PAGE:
A pack of lies.

A pack of lies.

That's a shady character“I’m going to the beach for a few days.”

“Oh, which beach?”

“Jersey again.”

“Ah, to see the boy,” I stated matter-of-factly with a scowl.


And thus began the lie.

It’s funny. I knew she lied, but she’s really been honest up until this point. So, I left her on her word – and began doubting my daddy-sense.

Later that afternoon, she wanted to talk. Like, “get ice cream” talk.

“I’m sorry I lied, Dad,” she began. “You knew I was lying. I knew I was lying.”

“Thank you. You’re still going, though, huh?”


The conundrum

Should I be mad about the lie? Well, yes, of course!

The reality is, I’m not really that mad.

She owned up to the lie. She did the right thing in the end. We all make mistakes, and fixing them is really the key to success.

I figure she knows what it feels like to be lied to. She now knows what it feels like to knowingly lie – and it felt bad. Some kids – and adults, really – simply don’t feel bad when they lie. I’m not sure why that is, but I am sure it’s deeply rooted in an upbringing of secrecy and “Do what I say.” Maybe I’m wrong. Maybe everyone does feel crappy when they lie… they just don’t let anyone know about it.

In the end, our path here is to try to better ourselves. If my daughter is going to lie, the best outcome is that she try to fix it, to better herself. I think she did that and that feels like a win.

But, I should be mad about the lie in the first place, right? Or does it even matter in the grand scheme of the situation?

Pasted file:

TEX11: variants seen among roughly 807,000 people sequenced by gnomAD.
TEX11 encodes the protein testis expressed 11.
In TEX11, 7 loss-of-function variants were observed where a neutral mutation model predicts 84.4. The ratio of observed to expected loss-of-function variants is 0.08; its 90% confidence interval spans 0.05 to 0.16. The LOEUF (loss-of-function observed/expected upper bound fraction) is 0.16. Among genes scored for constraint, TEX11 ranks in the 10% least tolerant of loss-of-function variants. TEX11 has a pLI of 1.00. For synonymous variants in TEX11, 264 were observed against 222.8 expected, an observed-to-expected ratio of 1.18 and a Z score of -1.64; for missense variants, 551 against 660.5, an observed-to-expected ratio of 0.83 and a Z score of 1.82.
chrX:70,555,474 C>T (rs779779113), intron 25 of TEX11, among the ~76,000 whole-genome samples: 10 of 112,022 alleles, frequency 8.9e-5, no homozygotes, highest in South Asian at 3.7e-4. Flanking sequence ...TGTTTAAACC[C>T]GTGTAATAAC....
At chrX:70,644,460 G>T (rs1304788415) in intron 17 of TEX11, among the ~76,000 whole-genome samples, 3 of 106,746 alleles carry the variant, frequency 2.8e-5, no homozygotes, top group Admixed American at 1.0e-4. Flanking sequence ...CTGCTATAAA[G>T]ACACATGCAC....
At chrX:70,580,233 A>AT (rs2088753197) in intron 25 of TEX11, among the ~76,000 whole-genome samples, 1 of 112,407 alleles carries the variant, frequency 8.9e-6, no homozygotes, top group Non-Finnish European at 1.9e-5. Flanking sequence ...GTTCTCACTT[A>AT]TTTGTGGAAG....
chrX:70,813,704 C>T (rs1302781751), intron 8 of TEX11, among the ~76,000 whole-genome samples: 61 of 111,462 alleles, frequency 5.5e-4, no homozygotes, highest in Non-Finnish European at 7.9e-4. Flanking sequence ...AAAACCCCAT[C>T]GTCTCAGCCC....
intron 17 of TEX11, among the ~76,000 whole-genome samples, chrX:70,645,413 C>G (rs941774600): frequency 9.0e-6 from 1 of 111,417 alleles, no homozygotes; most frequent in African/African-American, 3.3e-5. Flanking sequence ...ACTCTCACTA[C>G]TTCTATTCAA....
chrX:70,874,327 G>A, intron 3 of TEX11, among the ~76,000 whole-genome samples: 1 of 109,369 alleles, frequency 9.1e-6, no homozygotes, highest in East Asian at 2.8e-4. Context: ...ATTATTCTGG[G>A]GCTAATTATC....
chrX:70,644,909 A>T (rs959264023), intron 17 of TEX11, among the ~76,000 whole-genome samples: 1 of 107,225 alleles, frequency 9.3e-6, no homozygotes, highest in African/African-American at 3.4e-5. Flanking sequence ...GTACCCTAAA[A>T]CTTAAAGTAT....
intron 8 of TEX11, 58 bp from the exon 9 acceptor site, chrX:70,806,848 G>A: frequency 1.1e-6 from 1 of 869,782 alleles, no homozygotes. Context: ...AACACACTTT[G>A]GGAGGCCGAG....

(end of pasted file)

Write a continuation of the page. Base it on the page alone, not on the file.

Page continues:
Anger – or no anger – aside, how do you punish someone with their own life? I mean, you can’t hold them back from school. You can’t really tell them they’re grounded from work. At least I don’t think that’s fair to the job to make them jump to fill a schedule.

And at this point, that’s her life. Work and school.

Ground her for the weekend? Take away the car?… the cell phone? (That all sounds like punishing me, to be honest.)

I’ve come to the realization that it’s no longer about a “punishment.” Now, it’s about disappointment. There’s no “lesson” to learn. Our teens know a lie is a lie. How could they not have learned that at this point?

If you feel like you have to lie about doing something, you shouldn’t be doing it.

Somehow, we now have to show them the real life effects of the offense.

And doing that without making them feel like we have abandoned them or turned our back on them, that’s balance. That’s the trick.

And if I’ve convinced daughter I know how to do that with any certainty or grace… then I’m the one with the pack of lies.

So, we talked without ice cream.

Take that! …Sweety.

Is it just me, or have we looped back to the beginning? It’s like I’ve told her to sit in her room and think about what she’s done… only there’s no room… and the thinking about it probably will happen in little drips through her life.

So, how do you handle the punishment stuff when teens aren’t so much kids as adults – without experience?


Now, you can follow my shenanigans on Twitter.





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